The Pleasure Activist

Exercise Induced Orgasms: aka “Coregasms”

We've all heard of the "runner's high" (operative words being: "heard of").This is a euphoric state that some runners experience as their bodies flood with either endorphins or endocannabinoids (sounds like cannabis for a reason!).  For those of you who simply do not have the taste for extended cardiovascular exercise, you're possibly in luck—that is, if you have the taste for abdominal and other "core" exercises.

Orgasms resulting from non-sexual activities are not entirely new. "Muscle eroticism" was discussed in works as early as the late 1800s. I place "sexual" in quotes because while we all have a pretty good idea of what "sexual" means, there really is no one clear definition, especially the closer you look at it. This is also true for "orgasm." I know what it is, and I bet you know what it is, but if you're going to get all scientific about it, there are so many exceptions to the rule, that there really stops being a rule. Both men and women can have orgasms without ejaculating or even without muscular contractions. Is orgasm defined by the flood of particular hormones? A full-bodied, immersive psychological state mixed with quickened breath and increased heart rate?  A discharge of built up sexual tension? In the journal Clinical Psychology Review, there are 26 different definitions of orgasm. In other words, everything we know about orgasms is based on subjective experiences, including the research conducted for the article, "Exercise-induced orgasm and pleasure among women."

In this article, Debby Herbenick and J. Dennis Fortenberry survey over 500 women about exercise induced orgasm (EIO) and exercise induced sexual pleasure (EISP). While the research could not accurately determine the percentage of women who experience EIO or EISP because of their particular recruitment methods, the fact that 124 women reported experiencing EIO and 246 women reported experiencing EISP within a five week period, definitely demonstrated that this phenomenon is not rare. Out of women who have experienced this phenomenon, a sizable majority experience these "spontaneous" orgasms on several occasions (upwards of 11).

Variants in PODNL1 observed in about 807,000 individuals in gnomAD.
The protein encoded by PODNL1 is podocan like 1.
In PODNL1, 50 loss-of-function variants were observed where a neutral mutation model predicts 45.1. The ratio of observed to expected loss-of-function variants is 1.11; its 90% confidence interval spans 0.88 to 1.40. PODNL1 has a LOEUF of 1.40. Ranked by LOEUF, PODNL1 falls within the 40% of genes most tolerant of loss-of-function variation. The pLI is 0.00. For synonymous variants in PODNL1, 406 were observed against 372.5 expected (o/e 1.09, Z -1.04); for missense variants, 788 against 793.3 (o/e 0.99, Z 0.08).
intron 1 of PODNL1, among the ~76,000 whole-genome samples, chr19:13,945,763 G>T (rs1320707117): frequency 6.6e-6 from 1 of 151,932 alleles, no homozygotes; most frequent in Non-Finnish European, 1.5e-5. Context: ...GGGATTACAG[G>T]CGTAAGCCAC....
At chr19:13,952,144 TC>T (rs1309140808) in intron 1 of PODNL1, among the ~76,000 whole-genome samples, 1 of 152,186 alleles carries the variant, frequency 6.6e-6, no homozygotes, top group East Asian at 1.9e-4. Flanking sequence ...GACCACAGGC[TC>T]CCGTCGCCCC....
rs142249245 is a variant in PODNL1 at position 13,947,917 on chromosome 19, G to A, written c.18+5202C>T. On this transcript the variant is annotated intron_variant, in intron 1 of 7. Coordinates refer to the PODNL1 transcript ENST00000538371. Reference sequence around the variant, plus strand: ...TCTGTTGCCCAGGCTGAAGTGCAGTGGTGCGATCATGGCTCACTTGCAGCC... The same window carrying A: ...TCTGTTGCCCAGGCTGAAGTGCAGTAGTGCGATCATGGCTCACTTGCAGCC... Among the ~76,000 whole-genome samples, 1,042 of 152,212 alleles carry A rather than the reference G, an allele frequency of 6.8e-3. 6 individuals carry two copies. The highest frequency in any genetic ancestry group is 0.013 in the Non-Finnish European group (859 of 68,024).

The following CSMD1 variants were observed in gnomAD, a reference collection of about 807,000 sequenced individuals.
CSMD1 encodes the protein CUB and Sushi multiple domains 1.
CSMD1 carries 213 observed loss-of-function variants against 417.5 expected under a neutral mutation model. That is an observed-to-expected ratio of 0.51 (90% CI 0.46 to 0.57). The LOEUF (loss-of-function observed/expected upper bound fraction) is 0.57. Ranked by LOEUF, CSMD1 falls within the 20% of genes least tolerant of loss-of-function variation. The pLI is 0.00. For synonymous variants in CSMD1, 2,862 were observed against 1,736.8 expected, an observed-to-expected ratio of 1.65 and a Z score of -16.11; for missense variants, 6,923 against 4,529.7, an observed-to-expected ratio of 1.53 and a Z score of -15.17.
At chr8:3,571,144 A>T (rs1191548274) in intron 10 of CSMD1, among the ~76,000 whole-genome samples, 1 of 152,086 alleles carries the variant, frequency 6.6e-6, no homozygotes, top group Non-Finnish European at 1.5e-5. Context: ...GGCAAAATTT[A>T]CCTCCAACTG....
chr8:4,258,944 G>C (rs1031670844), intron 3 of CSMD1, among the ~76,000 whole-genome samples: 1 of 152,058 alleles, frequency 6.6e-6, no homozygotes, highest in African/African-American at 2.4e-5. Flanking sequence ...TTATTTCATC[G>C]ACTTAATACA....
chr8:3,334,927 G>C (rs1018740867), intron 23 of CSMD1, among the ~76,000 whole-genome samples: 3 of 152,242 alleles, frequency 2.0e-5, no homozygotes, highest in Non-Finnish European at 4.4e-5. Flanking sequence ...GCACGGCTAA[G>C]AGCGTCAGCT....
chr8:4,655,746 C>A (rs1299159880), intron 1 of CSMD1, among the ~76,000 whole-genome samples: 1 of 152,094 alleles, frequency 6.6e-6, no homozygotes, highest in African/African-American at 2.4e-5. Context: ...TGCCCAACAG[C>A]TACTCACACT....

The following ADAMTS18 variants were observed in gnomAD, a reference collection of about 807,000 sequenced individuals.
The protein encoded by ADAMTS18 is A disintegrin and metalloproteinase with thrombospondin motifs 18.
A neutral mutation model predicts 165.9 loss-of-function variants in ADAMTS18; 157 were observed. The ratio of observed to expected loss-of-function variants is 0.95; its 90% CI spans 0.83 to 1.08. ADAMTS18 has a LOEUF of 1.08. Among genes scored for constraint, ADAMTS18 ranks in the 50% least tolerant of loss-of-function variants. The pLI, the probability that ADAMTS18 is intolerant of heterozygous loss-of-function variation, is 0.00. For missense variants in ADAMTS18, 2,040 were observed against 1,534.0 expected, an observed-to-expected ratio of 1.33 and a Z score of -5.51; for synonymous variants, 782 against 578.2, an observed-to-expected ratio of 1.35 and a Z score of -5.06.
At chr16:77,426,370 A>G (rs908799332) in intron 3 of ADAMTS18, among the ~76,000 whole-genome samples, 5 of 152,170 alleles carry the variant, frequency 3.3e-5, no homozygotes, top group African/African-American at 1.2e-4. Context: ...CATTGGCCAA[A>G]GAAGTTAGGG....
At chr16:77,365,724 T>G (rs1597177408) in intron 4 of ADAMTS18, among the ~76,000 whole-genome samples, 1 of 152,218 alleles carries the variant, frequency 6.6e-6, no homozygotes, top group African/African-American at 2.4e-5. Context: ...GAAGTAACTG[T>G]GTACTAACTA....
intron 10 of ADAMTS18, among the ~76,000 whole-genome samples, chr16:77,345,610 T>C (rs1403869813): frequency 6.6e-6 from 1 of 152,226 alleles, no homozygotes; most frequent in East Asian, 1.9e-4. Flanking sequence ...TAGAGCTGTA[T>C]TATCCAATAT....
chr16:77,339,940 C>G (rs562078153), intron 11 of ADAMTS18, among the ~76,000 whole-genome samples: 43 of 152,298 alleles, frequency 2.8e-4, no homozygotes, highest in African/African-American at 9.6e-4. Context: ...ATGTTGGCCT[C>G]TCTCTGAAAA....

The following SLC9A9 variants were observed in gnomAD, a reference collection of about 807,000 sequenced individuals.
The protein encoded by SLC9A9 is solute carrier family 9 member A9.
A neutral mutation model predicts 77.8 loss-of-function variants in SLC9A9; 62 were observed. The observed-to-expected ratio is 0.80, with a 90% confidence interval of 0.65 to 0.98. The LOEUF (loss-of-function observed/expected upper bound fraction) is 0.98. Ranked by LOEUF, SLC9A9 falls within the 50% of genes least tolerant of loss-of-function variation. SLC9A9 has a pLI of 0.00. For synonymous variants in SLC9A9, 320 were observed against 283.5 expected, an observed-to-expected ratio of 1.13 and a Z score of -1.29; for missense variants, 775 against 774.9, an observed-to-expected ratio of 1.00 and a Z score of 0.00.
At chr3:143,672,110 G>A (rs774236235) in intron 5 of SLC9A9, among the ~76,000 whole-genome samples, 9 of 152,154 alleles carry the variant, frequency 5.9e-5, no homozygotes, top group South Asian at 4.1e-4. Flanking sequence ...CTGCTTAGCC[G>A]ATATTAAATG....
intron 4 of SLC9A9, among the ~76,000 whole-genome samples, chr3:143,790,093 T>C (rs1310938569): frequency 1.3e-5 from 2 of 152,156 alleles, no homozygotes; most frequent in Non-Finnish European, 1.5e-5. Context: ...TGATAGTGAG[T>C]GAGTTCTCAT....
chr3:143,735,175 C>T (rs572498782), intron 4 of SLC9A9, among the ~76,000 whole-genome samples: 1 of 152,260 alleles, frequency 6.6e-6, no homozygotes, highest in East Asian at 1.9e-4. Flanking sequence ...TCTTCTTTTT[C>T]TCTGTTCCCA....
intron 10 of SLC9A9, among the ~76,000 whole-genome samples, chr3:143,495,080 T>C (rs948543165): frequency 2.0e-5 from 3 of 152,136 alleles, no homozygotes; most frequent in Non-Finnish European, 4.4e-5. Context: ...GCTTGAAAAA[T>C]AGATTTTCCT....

So what are these winning fitness activities? For exercise induced orgasm, it was abdominal exercises such as crunches, sit-ups, and Captain's Chair (sitting on a chair and lifting your knees up to your chest), followed by climbing, and then biking/spinning. For exercise induced sexual pleasure, the winner (by a slimmer majority) is biking/spinning, followed by weight lifting, and then dedicated abdominal exercises. Nevertheless, there were plenty of other exercises in the running including, but not limited to, aerobics, dancing, swimming, pull-ups, step-class, and yoga.

What, specifically, is it about these exercises that could induce such pleasure?  Well, there's no distinct answer—only well-educated theories. Pelvic floor muscles have a lot to do with it, though. Your pelvic floor muscles are part of your "core" muscle group that is engaged during various abdominal exercises (ideally most exercises engage your core if done optimally), and these pelvic floor muscles surround–or are, in some way, connected to- much of our erectile tissues. Therefore, when repeatedly engaged, they not only tug at these erectile tissues, it also increases blood flow to the area. Combine engorged genital tissue with quickened breath (which stimulates the sympathetic nervous system) and increased heart rate, it sounds like an orgasm in true form to me!

Of course, it's more complicated than that. If it wasn't, we would all be experiencing orgasms every time we exercise (If that happens to you, contact me!).  And really, this particular research and research conducted just like it, leave a lot more questions than it answers. For example, are people who experience EIO and EISP more motivated to exercise because of these experiences? Or do they have these experiences because they exercise a lot? In either case, out of the women who have experienced EIO, 82.2 percent have worked out their abs in the "past 90 days" (from the time of the survey), versus 74.8 percent of women who have experienced EISP, versus 65.8 percent of women who experienced neither. Reminds me of that quote, "Inspiration exists, but it has to find us working" –Picasso

What are the practical implications/applications of this? Much of sex therapy for people who are unhappy with the absence of or infrequency of orgasms in their life, relies on masturbation and/or sensate focusing. This is a term coined by Masters and Johnson describing the exercise of being present and non-judgmental to one's own physical sensations without a goal of any kind, such as orgasm. Really, it's just a form of contextualized mindfulness. And it's a great practice for absolutely everybody, not just for those who may feel orgasm-challenged. But with the possibility that orgasms can be produced by repeatedly engaging certain core muscles or by otherwise recreating physiological happenings that are often correlated with orgasm (increased heart rate, quickened breath, tensed pelvic floor muscles, etc.) doing leg lifts while having sex might just be a great addition to bedroom therapies. Form follows function. Function follows form. Something like that? If nothing else, it will definitely add some variety to your sexual routine!

Ally Booker is a pleasure activist. She is passionate about educating herself and others on cool sexuality related things like communication skills, creating and respecting boundaries, sexual self-determination, destigmatization, gender and sexual expressions, sex toy use and safety, and all the other mechanics of pleasure. You can often find her milling around her Tucson shop, Jellywink Boutique, 418 E. 7th St., (888) 874-6588.

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